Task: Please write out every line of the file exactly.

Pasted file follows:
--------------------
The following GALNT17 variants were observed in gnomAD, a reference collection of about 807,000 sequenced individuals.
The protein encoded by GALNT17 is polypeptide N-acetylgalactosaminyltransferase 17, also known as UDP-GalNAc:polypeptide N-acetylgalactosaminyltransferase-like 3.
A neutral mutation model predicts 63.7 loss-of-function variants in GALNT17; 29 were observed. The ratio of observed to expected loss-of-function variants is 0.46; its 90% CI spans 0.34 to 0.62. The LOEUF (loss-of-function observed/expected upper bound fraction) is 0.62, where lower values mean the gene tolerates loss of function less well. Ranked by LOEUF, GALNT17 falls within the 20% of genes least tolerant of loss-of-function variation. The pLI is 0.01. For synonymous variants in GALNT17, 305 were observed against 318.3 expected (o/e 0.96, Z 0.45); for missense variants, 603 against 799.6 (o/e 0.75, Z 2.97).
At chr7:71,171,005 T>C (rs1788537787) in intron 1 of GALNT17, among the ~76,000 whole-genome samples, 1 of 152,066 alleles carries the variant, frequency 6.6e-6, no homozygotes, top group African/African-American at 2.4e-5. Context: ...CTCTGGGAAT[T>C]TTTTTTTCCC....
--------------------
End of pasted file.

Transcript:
The following GALNT17 variants were observed in gnomAD, a reference collection of about 807,000 sequenced individuals.
The protein encoded by GALNT17 is polypeptide N-acetylgalactosaminyltransferase 17, also known as UDP-GalNAc:polypeptide N-acetylgalactosaminyltransferase-like 3.
A neutral mutation model predicts 63.7 loss-of-function variants in GALNT17; 29 were observed. The ratio of observed to expected loss-of-function variants is 0.46; its 90% CI spans 0.34 to 0.62. The LOEUF (loss-of-function observed/expected upper bound fraction) is 0.62, where lower values mean the gene tolerates loss of function less well. Ranked by LOEUF, GALNT17 falls within the 20% of genes least tolerant of loss-of-function variation. The pLI is 0.01. For synonymous variants in GALNT17, 305 were observed against 318.3 expected (o/e 0.96, Z 0.45); for missense variants, 603 against 799.6 (o/e 0.75, Z 2.97).
At chr7:71,171,005 T>C (rs1788537787) in intron 1 of GALNT17, among the ~76,000 whole-genome samples, 1 of 152,066 alleles carries the variant, frequency 6.6e-6, no homozygotes, top group African/African-American at 2.4e-5. Context: ...CTCTGGGAAT[T>C]TTTTTTTCCC....